Chery Builds The Future With Fourth-Gen Powertrains

The Car Of The Future Developed Right Now By Chery

The Car Of The Future Developed Right Now By Chery

Cars and the power that drive them are evolving so quickly, it is difficult to keep up. Sort of mainstream electric vehicles has been a thing for just over ten years, in South Africa it is still fringe technology. If you mention plug-in EVs, the response will be ‘Eskom’, load shedding, or some phrases we cannot include in the family-friendly blog.

Affordable internal combustion engine cars have been mainstream for just over a century, but their demise is already widely predicted. Change in the automotive industry is now faster than ever before and no one can predict what the next ten years will bring, never mind the next century. Clever car makers know better than to bet the farm on one single technology.

Chery is a very clever car maker and is aggressively developing all the likely mainstream power options at the same time. This is called future proofing and it includes petrol, diesel, hybrid, EV and hydrogen fuel cell technology. Although different technologies, Chery’s 4.0 Era All-Domain Power Architecture is geared at making all engines as efficient as possible, as well as complementing each other in various combinations.

Internal Combustion (ICE)

Pure ICE is undoubtedly on its way out and will be a nostalgic throwback in eight to twenty years. Mainstream manufacturers have announced the end of new ICE models in first-world markets, but the third world will probably use ICE for a while yet. Chery recognises this and is improving its engines in measurable ways, such as achieving the industry-leading 45% thermal efficiency. Thermal efficiency is the rate at which ICE engines convert fuel into useful energy, as opposed to useless heat.

But super-efficient ICE engines are not simply better dinosaurs, they will play a major role in:

Hybrid Engines

Hybrid drives find their niche where extensive EV charging infrastructure does not exist, or electricity is not reliable or very expensive or both. South Africa is ripe for hybrid power, where a very efficient ICE engine powers a battery, which drives the wheels like an EV. It also offers power capture during braking or on downhill driving.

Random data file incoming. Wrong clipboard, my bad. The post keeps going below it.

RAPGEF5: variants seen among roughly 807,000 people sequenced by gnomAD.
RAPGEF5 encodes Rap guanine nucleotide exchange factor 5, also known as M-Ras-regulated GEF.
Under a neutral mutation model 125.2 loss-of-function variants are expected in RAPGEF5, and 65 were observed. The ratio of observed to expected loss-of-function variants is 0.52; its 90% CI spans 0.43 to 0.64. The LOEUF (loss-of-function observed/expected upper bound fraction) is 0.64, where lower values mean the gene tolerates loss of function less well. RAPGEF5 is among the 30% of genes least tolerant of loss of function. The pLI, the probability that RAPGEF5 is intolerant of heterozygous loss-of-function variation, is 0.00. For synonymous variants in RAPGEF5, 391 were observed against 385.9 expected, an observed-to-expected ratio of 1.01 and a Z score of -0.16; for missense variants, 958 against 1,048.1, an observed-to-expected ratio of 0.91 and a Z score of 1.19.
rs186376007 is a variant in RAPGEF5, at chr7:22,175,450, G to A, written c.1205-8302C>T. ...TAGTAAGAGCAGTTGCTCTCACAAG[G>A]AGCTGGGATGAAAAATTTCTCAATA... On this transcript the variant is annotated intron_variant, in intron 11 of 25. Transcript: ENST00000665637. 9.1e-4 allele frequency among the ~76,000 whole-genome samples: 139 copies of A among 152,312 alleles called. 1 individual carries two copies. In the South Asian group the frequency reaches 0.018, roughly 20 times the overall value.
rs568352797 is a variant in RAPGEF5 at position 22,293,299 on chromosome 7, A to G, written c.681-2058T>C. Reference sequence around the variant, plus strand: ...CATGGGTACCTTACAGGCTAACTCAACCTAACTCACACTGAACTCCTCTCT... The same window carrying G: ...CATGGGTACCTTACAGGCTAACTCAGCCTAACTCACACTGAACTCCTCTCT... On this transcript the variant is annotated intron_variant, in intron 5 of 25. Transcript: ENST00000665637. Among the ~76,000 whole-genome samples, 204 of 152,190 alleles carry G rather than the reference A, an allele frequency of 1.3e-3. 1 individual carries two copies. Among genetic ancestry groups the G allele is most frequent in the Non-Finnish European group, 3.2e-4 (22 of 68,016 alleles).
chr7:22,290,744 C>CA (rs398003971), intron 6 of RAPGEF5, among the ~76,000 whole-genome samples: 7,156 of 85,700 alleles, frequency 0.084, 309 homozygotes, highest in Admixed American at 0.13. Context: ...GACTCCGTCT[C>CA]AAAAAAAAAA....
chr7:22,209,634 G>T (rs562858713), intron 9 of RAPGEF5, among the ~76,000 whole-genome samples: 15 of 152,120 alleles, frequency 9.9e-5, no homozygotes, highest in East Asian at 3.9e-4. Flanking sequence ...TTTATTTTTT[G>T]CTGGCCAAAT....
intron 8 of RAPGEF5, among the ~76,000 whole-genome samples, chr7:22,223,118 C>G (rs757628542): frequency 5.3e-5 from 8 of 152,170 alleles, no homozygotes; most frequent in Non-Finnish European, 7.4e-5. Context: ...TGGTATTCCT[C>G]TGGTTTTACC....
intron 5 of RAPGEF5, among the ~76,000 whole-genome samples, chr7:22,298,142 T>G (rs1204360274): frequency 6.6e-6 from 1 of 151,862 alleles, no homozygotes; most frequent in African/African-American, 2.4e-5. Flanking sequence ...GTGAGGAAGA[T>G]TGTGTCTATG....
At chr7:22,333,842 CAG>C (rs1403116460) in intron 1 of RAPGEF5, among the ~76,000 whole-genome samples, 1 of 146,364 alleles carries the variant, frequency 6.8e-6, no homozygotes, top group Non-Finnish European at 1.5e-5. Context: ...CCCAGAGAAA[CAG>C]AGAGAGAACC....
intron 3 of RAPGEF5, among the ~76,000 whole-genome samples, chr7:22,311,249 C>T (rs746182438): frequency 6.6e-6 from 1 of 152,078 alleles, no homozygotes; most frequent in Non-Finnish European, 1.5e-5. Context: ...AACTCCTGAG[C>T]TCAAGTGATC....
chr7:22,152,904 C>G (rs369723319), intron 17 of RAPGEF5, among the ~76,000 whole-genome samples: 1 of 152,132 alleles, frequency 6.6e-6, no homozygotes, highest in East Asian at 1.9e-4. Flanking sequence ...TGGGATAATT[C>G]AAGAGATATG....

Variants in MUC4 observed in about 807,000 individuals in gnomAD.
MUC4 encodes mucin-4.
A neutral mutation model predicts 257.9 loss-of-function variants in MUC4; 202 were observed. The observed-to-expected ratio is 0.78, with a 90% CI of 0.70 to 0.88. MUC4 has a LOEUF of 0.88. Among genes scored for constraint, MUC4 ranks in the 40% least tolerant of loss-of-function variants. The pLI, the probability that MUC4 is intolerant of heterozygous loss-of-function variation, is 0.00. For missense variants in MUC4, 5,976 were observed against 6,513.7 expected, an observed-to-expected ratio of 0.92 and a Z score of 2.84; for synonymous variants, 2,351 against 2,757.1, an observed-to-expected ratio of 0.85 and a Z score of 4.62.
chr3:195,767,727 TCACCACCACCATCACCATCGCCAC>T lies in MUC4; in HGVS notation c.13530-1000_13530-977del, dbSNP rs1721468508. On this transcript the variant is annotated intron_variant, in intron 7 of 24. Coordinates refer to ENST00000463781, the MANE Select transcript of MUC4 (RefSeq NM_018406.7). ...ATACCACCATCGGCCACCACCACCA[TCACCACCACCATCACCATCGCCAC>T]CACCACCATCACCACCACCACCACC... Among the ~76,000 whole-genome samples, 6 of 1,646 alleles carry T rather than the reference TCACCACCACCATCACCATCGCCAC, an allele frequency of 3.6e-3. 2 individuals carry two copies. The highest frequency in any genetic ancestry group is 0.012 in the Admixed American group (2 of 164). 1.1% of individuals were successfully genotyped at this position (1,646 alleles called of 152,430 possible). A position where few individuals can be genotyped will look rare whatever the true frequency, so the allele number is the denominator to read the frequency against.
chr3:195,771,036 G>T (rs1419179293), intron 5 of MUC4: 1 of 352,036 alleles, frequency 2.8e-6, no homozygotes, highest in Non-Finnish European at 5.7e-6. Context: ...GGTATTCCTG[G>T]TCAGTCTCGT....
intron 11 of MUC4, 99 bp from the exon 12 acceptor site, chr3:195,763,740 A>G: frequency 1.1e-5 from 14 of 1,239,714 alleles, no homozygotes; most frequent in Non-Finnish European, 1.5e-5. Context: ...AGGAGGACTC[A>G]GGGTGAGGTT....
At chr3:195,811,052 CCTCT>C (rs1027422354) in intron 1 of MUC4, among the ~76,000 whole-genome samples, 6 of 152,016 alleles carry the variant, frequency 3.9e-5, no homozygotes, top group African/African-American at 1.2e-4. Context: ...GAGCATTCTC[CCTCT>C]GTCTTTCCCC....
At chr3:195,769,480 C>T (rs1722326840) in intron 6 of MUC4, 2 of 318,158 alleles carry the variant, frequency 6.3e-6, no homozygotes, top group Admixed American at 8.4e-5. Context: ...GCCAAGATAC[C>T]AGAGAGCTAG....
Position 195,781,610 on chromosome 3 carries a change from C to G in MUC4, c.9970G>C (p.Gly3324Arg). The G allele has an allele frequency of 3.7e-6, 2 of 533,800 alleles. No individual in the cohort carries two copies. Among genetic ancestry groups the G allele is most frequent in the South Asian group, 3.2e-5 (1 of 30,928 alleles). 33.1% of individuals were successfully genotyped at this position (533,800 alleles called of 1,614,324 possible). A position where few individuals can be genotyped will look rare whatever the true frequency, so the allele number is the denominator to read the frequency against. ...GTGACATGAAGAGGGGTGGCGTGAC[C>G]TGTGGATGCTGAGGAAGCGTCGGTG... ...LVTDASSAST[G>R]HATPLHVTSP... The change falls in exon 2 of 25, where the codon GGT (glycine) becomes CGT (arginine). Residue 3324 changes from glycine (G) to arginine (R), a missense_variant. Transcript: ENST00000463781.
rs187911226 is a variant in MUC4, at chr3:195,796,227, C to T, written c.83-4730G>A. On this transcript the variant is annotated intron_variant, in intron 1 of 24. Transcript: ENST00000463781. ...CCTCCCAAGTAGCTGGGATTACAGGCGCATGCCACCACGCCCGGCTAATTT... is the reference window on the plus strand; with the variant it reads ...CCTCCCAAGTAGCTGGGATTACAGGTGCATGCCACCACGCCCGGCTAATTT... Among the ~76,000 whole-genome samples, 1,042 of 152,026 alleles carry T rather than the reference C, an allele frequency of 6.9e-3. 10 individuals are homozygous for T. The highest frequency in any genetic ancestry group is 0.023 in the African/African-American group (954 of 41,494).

Chery has taken hybrid power to the next level with its DHT system, and integrated approach that will carry the hybrid for decades, especially in places or cases where technology and range anxiety makes it impractical to immediately switch to EVs.

Electric Vehicles

Chery is investing heavily in EV technology, which at the moment is becoming more mainstream very quickly. After more than a decade of very high-priced performance EVs or smaller roller-skate with battery options, EVs are being adapted by mainstream manufacturers like Chery and this technology is becoming more compelling all the time.

Lower battery costs, faster-charging technology and booming charging infrastructure are driving the acceptance of the EV. At its most basic level is the reality that most – over 90% – of all EV use per day is within the range of a single charge, and charging will cost less than any other drive on the market today, no matter the cost of your electricity. Add the blistering performance advantage of electric power, the simplicity of the mechanics and the extra usable space, and it is a no-brainer. Which begs the question of why Chery is also developing its fourth-generation hydrogen fuel cell drive.


It costs a lot more to convert electricity into hydrogen and back into electricity via fuel cell, so why bother? Why not just plug it into your car and there you go?

If EV is the now and the future, hydrogen is the future writ large. Hydrogen costs a lot more to make, transport and store, unless you make it on a super-industrial scale, using renewable energy.

There are already plans to convert the old coal power stations in Mpumalanga into hydrogen hubs, combining the existing technical skills, water and electrical grid infrastructure with wind and solar energy to make South Africa a hydrogen hub.

There are loads of benefits to hydrogen power, but in terms of vehicles two stand out. Heavy duty vehicles fare better with hydrogen than batteries – trucks and buses using fuel cells, aircraft and ships using green hydrogen-based fuels.

Hydrogen for your car is like petrol or diesel – a couple of minutes to fill up and you are good to go for six-seven hundred kilometres.

This Future, Right Now

Chery is investing so much in all these technologies. We know the future will catch up with us soon, and you can keep an eye on what is today and what will come tomorrow.

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